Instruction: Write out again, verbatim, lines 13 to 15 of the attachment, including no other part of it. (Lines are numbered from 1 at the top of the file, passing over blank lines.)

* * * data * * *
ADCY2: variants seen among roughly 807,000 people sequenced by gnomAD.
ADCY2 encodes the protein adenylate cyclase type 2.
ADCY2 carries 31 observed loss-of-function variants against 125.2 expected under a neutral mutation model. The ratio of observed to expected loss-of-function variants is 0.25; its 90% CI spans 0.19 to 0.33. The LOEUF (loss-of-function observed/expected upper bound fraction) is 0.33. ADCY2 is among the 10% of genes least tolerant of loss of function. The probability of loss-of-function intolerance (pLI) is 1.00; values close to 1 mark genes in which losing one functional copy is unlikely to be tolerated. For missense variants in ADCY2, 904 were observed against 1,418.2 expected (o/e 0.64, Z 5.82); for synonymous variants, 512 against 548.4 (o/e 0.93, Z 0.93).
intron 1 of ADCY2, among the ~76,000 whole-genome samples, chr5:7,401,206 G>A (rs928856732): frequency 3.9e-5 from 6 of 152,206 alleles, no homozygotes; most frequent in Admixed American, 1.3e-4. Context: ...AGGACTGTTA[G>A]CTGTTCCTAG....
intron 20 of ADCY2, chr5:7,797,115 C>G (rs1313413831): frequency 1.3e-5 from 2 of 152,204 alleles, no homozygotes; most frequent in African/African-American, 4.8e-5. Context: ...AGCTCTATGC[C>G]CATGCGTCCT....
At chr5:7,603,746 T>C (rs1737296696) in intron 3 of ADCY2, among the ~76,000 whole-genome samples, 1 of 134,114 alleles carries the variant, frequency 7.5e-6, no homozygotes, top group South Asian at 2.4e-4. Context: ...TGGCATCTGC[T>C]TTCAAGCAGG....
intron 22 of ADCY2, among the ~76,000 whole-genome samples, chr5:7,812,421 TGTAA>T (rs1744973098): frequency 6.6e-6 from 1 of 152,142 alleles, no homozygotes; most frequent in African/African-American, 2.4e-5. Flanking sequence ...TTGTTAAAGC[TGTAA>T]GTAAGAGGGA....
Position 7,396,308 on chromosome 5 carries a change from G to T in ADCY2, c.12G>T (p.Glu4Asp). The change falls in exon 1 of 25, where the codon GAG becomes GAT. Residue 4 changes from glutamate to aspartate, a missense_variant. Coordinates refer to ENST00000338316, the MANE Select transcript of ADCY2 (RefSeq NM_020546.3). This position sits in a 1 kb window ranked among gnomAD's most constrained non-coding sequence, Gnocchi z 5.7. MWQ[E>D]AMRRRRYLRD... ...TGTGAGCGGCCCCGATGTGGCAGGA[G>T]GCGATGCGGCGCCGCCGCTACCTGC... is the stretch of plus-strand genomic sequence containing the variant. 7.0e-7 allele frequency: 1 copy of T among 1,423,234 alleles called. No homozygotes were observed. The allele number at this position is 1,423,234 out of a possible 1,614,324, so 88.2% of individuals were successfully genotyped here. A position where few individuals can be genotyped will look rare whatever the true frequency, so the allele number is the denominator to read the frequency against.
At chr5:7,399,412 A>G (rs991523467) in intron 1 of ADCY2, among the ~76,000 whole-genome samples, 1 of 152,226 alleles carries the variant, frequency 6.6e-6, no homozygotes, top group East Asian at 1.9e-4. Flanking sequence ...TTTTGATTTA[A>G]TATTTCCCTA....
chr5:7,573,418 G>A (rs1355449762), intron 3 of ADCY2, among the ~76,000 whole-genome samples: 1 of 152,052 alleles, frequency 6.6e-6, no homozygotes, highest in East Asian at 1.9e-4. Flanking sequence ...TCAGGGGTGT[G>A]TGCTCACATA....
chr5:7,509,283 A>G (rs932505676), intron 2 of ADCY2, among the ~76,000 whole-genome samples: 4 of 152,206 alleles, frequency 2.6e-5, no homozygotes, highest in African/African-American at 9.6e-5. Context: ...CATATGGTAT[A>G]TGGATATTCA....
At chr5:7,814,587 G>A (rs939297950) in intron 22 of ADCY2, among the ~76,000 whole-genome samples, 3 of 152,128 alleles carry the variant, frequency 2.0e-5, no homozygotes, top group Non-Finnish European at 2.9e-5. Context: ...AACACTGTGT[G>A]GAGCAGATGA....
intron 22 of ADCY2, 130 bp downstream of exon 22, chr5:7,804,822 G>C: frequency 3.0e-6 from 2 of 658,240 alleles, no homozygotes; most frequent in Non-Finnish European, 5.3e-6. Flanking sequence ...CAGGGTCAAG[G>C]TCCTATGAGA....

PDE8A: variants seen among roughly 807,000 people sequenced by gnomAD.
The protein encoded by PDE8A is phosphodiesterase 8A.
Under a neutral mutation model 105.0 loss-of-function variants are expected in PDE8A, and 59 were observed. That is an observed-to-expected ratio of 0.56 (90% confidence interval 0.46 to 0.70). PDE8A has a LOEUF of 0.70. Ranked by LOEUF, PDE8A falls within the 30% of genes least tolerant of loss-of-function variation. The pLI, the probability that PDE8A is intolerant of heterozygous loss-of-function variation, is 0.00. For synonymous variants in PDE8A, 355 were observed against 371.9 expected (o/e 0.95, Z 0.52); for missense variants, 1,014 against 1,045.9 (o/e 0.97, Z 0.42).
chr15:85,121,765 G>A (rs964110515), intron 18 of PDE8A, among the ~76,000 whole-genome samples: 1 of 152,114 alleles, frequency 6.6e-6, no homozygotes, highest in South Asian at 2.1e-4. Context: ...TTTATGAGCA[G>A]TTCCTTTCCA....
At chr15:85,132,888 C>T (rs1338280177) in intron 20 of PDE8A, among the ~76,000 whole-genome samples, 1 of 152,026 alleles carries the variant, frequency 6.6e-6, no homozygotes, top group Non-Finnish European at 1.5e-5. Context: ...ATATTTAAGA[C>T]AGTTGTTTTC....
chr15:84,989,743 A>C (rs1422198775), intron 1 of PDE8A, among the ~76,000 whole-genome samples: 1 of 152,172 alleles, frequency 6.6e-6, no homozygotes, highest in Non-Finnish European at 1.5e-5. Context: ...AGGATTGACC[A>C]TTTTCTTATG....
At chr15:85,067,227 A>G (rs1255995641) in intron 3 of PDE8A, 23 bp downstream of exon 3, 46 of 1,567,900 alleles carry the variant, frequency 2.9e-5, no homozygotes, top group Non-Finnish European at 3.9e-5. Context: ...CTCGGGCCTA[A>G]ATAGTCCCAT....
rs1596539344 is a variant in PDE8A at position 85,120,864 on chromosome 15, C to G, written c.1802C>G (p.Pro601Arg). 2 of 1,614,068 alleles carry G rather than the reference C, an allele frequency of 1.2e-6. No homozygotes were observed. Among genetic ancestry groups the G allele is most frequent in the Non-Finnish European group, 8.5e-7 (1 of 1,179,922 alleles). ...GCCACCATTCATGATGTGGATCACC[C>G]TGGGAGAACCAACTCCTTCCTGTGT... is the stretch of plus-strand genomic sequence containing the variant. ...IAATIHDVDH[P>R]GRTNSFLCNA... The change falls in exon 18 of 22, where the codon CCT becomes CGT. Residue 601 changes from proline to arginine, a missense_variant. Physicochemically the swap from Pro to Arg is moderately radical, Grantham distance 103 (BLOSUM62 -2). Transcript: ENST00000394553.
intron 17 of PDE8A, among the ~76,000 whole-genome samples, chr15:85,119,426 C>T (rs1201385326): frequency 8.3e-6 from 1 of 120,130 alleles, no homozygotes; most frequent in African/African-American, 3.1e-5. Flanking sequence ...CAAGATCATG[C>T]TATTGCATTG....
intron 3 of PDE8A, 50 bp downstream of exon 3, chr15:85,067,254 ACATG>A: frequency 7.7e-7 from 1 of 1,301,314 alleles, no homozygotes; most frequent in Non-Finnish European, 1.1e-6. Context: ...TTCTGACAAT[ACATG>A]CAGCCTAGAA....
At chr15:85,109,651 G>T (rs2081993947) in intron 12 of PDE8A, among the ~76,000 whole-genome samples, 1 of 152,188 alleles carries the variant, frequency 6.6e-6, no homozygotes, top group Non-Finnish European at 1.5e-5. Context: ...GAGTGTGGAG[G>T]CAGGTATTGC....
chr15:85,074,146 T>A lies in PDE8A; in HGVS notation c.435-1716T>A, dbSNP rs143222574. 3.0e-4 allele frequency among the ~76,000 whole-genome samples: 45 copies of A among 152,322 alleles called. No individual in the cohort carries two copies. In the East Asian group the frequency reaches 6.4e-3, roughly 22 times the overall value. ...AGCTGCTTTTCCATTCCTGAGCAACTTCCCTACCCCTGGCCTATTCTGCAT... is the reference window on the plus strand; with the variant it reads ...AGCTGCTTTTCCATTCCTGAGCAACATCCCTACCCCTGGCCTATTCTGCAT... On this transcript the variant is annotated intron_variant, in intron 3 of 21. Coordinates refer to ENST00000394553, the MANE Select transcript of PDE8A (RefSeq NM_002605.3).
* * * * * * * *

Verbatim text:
intron 22 of ADCY2, 130 bp downstream of exon 22, chr5:7,804,822 G>C: frequency 3.0e-6 from 2 of 658,240 alleles, no homozygotes; most frequent in Non-Finnish European, 5.3e-6. Flanking sequence ...CAGGGTCAAG[G>C]TCCTATGAGA....

PDE8A: variants seen among roughly 807,000 people sequenced by gnomAD.
The protein encoded by PDE8A is phosphodiesterase 8A.